In the heal of the hunt, the Part V legislation put even greater pressure on land owners to divide up their properties. (And consequently, even greater pressure on local authority stretched budgets to provide adequate standards of servicing and road maintenace) Because then both developers of the 2 acre plots would request exemptions from Part V requirements, build less a lot less houses than what the land could take and try to sell them off as exclusive, non S&A residential MacMansions. That is why who need an artificial land boom, in order to raise the price of houses sufficiently, that such mad cap schemes become feasible at all. It is popular though, because a few local big shots think they are making a bit of money, at least for a while. Then when it all goes pear shaped, they can be philosophical and talk about 'times being bad'.
What it amounts to is a very inefficient use of land resources and the needed services to enable any sort of development on the land. I once walked away from a job like this, because I was so disgusted by the whole toxic process and the arse holes I had to deal with. That was before I even knew what the word 'sustainability' even meant. I said if I am going to do this at all, I might as well do it right and work for the real experts at it. I am glad I did that. Even though in the end, the low cost developer ended up squandering more than the lot of them put together.
The more obvious way for Ireland to get value for money is to squash all of these taxations schemes and the Part V legislation, which encourage land to be spilt up into miserable pokey little parcels. Even Liam Carroll had understood this idea 20 years ago when he started to put together sites to build on in Dublin city. Frank McDonald would never describe Liam as a 'sustainable' developer. But in many respects the low-cost model of construction, will result in somebody doing many things which can be described as very sustainable.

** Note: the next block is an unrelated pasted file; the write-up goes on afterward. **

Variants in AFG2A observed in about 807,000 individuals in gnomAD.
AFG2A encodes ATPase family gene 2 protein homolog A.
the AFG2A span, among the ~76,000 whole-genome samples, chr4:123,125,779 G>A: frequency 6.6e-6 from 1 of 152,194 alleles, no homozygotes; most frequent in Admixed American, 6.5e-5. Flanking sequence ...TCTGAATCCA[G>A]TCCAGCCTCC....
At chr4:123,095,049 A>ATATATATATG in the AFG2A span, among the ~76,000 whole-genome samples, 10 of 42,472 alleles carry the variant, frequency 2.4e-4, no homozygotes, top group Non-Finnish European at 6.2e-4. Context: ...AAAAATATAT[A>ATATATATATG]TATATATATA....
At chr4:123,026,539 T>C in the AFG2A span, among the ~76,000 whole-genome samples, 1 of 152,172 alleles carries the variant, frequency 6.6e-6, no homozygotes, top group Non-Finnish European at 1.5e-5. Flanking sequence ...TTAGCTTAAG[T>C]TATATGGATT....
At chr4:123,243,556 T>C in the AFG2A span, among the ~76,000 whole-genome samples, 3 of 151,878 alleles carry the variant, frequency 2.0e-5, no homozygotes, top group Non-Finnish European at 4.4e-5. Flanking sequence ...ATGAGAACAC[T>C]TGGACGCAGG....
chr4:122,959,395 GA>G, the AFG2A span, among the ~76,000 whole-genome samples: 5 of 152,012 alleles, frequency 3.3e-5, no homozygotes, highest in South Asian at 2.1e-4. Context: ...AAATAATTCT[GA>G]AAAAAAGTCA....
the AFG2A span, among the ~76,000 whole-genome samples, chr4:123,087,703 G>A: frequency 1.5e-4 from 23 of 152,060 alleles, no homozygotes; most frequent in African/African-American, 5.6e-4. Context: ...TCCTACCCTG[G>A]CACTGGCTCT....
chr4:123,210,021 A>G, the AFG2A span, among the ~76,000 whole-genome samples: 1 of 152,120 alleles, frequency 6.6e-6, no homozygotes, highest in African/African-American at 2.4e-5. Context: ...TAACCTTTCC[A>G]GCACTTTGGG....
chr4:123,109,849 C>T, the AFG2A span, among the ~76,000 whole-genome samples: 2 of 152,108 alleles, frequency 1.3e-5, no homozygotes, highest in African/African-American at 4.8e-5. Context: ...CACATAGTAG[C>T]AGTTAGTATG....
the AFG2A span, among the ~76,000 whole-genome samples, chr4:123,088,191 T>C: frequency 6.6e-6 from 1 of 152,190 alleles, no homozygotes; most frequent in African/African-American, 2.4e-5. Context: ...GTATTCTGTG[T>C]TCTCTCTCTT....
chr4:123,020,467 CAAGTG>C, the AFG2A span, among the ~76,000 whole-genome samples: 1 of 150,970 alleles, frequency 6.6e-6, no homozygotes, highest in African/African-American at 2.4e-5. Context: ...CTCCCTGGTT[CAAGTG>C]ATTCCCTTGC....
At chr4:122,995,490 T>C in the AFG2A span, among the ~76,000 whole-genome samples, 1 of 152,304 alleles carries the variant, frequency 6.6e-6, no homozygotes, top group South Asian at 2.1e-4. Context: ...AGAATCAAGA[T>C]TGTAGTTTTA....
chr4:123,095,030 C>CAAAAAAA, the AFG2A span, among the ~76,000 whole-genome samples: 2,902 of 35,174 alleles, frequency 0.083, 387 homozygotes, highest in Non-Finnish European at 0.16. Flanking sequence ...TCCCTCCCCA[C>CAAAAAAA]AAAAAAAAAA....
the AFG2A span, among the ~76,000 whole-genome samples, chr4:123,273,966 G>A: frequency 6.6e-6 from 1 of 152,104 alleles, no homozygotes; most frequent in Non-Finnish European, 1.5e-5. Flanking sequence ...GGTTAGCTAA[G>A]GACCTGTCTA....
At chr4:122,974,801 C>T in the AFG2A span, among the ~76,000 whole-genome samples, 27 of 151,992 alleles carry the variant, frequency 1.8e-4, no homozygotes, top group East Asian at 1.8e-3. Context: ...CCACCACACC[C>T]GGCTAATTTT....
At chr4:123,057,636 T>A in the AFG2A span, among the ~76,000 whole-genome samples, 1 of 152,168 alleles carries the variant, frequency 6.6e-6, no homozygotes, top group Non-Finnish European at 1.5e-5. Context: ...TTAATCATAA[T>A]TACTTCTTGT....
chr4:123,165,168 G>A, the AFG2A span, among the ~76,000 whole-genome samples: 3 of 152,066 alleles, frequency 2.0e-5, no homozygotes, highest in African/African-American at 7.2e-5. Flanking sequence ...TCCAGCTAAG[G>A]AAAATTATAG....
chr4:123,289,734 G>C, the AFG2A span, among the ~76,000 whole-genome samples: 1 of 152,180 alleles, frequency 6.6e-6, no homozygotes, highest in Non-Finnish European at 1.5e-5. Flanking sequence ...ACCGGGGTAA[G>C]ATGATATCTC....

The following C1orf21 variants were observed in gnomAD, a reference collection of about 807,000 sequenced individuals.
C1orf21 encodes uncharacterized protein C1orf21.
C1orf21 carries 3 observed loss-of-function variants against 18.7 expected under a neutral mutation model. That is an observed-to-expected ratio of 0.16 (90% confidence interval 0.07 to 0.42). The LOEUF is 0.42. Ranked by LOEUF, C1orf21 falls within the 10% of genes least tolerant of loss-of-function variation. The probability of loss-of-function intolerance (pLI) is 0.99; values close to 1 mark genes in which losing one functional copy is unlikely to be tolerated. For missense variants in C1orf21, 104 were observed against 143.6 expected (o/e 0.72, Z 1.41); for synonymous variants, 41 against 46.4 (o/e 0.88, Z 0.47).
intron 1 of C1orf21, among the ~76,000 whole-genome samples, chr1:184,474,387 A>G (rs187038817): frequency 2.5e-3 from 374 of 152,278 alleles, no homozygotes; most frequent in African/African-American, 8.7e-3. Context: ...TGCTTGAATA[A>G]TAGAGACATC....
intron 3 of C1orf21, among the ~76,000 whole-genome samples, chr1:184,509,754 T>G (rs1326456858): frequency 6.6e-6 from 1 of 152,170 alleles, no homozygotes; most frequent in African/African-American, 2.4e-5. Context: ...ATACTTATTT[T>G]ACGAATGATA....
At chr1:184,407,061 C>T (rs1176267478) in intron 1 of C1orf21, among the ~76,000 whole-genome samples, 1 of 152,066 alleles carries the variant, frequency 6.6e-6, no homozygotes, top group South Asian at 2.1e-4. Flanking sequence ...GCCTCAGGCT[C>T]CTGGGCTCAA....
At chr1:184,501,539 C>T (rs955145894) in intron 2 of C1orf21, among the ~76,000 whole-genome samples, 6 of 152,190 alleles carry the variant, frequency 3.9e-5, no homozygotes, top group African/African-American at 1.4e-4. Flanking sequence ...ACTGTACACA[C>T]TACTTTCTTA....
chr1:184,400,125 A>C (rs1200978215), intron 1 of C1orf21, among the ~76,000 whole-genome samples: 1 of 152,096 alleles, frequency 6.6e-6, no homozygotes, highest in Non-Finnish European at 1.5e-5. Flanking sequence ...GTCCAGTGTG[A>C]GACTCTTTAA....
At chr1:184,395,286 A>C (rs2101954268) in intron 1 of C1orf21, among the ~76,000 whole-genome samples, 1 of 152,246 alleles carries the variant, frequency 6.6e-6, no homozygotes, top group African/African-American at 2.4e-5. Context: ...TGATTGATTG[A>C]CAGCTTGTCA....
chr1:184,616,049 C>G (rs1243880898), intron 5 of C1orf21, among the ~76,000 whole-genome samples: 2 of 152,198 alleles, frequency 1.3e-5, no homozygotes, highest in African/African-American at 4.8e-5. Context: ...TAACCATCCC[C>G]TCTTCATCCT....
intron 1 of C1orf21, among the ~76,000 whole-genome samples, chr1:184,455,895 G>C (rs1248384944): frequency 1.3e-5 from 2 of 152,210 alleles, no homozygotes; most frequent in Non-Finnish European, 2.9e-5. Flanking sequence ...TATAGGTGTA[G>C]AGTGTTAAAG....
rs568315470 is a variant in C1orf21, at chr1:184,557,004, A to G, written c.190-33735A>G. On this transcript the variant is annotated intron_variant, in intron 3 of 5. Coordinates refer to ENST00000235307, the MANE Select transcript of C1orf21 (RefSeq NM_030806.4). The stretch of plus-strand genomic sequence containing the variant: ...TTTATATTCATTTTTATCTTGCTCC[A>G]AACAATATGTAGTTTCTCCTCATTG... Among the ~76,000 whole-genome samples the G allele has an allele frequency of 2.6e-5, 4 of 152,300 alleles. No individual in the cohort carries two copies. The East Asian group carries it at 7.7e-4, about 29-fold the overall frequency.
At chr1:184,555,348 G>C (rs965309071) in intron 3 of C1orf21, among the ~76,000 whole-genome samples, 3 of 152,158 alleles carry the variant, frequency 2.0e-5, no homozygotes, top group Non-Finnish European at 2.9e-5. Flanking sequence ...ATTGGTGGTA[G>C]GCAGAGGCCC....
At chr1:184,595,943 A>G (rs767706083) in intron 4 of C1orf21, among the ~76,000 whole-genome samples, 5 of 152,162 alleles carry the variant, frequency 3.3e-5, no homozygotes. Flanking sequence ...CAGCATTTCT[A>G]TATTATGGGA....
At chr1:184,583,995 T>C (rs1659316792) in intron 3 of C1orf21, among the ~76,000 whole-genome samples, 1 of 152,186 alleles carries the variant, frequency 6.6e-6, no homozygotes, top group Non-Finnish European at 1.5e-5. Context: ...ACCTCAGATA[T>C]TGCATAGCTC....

If we abolished those capital gains and what not, we would make the money back elsewhere in more economical servicing of land in our towns and villages. Opening up all sorts of options for architects/developers to come along and design sustainable communities etc. We could set up a construction management body to be involved, like Dublin Airport Authority and their CIP.
Adamstown is worth looking at from this point of view. They certainly went about building the infrastructure in advance in a very sustainable and cost effective manner. The construction manager there for Castlethorn was ex. Project Management, and really knows what he is doing. I will leave you with this link in the mean time. It is something that Emer published on the Feasta website and has some interesting discussion in it. http://www.feasta.org/documents/landhousing/coritax.html
This is why we need to get away from the U-value and light bulb definition of sustainable architecture. We need to get real as George Lee would say. We need to look for efficiencies at all stages of the development process. The local authorities, auctioneers and all land professionals have to start to get their heads together. In my blog entry here I tried to emphasize that as much as I can.
Brian O' Hanlon